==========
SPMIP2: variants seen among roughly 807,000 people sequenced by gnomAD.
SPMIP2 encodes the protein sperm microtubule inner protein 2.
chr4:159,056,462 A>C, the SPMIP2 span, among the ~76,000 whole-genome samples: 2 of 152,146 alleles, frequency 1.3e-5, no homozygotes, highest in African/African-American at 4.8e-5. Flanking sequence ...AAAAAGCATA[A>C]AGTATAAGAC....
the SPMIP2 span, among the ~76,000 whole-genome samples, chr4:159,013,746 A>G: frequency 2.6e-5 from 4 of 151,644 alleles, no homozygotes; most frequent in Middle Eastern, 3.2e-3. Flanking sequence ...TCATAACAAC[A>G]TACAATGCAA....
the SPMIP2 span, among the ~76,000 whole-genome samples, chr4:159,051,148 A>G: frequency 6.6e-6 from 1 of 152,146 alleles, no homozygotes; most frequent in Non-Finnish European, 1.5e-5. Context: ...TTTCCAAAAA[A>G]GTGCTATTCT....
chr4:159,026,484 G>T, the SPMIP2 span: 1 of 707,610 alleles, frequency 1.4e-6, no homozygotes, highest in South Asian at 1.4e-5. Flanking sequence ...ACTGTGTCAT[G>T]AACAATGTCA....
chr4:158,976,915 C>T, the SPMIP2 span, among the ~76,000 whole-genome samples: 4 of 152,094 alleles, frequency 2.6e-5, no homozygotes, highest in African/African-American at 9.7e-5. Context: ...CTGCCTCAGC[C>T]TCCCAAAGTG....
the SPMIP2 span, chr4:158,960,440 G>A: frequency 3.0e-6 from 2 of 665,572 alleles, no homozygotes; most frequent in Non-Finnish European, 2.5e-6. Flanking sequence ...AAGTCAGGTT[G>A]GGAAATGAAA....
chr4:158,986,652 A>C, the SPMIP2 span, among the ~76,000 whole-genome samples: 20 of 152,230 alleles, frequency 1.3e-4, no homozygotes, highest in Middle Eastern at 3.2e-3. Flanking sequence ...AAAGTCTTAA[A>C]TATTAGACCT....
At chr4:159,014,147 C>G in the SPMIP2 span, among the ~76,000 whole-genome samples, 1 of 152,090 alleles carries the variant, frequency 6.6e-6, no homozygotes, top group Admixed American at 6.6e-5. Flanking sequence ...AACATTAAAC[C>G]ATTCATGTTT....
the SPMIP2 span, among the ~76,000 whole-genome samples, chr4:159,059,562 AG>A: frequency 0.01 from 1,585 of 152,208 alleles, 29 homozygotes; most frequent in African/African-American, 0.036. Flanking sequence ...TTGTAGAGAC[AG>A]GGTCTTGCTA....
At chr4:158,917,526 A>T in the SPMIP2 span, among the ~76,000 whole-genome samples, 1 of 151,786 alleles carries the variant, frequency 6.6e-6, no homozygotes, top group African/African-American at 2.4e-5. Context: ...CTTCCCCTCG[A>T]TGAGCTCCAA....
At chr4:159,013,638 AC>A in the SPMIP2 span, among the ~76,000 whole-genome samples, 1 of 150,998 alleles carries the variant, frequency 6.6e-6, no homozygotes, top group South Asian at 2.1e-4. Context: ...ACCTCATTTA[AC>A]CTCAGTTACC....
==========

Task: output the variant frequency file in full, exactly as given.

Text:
SPMIP2: variants seen among roughly 807,000 people sequenced by gnomAD.
SPMIP2 encodes the protein sperm microtubule inner protein 2.
chr4:159,056,462 A>C, the SPMIP2 span, among the ~76,000 whole-genome samples: 2 of 152,146 alleles, frequency 1.3e-5, no homozygotes, highest in African/African-American at 4.8e-5. Flanking sequence ...AAAAAGCATA[A>C]AGTATAAGAC....
the SPMIP2 span, among the ~76,000 whole-genome samples, chr4:159,013,746 A>G: frequency 2.6e-5 from 4 of 151,644 alleles, no homozygotes; most frequent in Middle Eastern, 3.2e-3. Flanking sequence ...TCATAACAAC[A>G]TACAATGCAA....
the SPMIP2 span, among the ~76,000 whole-genome samples, chr4:159,051,148 A>G: frequency 6.6e-6 from 1 of 152,146 alleles, no homozygotes; most frequent in Non-Finnish European, 1.5e-5. Context: ...TTTCCAAAAA[A>G]GTGCTATTCT....
chr4:159,026,484 G>T, the SPMIP2 span: 1 of 707,610 alleles, frequency 1.4e-6, no homozygotes, highest in South Asian at 1.4e-5. Flanking sequence ...ACTGTGTCAT[G>T]AACAATGTCA....
chr4:158,976,915 C>T, the SPMIP2 span, among the ~76,000 whole-genome samples: 4 of 152,094 alleles, frequency 2.6e-5, no homozygotes, highest in African/African-American at 9.7e-5. Context: ...CTGCCTCAGC[C>T]TCCCAAAGTG....
the SPMIP2 span, chr4:158,960,440 G>A: frequency 3.0e-6 from 2 of 665,572 alleles, no homozygotes; most frequent in Non-Finnish European, 2.5e-6. Flanking sequence ...AAGTCAGGTT[G>A]GGAAATGAAA....
chr4:158,986,652 A>C, the SPMIP2 span, among the ~76,000 whole-genome samples: 20 of 152,230 alleles, frequency 1.3e-4, no homozygotes, highest in Middle Eastern at 3.2e-3. Flanking sequence ...AAAGTCTTAA[A>C]TATTAGACCT....
At chr4:159,014,147 C>G in the SPMIP2 span, among the ~76,000 whole-genome samples, 1 of 152,090 alleles carries the variant, frequency 6.6e-6, no homozygotes, top group Admixed American at 6.6e-5. Flanking sequence ...AACATTAAAC[C>G]ATTCATGTTT....
the SPMIP2 span, among the ~76,000 whole-genome samples, chr4:159,059,562 AG>A: frequency 0.01 from 1,585 of 152,208 alleles, 29 homozygotes; most frequent in African/African-American, 0.036. Flanking sequence ...TTGTAGAGAC[AG>A]GGTCTTGCTA....
At chr4:158,917,526 A>T in the SPMIP2 span, among the ~76,000 whole-genome samples, 1 of 151,786 alleles carries the variant, frequency 6.6e-6, no homozygotes, top group African/African-American at 2.4e-5. Context: ...CTTCCCCTCG[A>T]TGAGCTCCAA....
At chr4:159,013,638 AC>A in the SPMIP2 span, among the ~76,000 whole-genome samples, 1 of 150,998 alleles carries the variant, frequency 6.6e-6, no homozygotes, top group South Asian at 2.1e-4. Context: ...ACCTCATTTA[AC>A]CTCAGTTACC....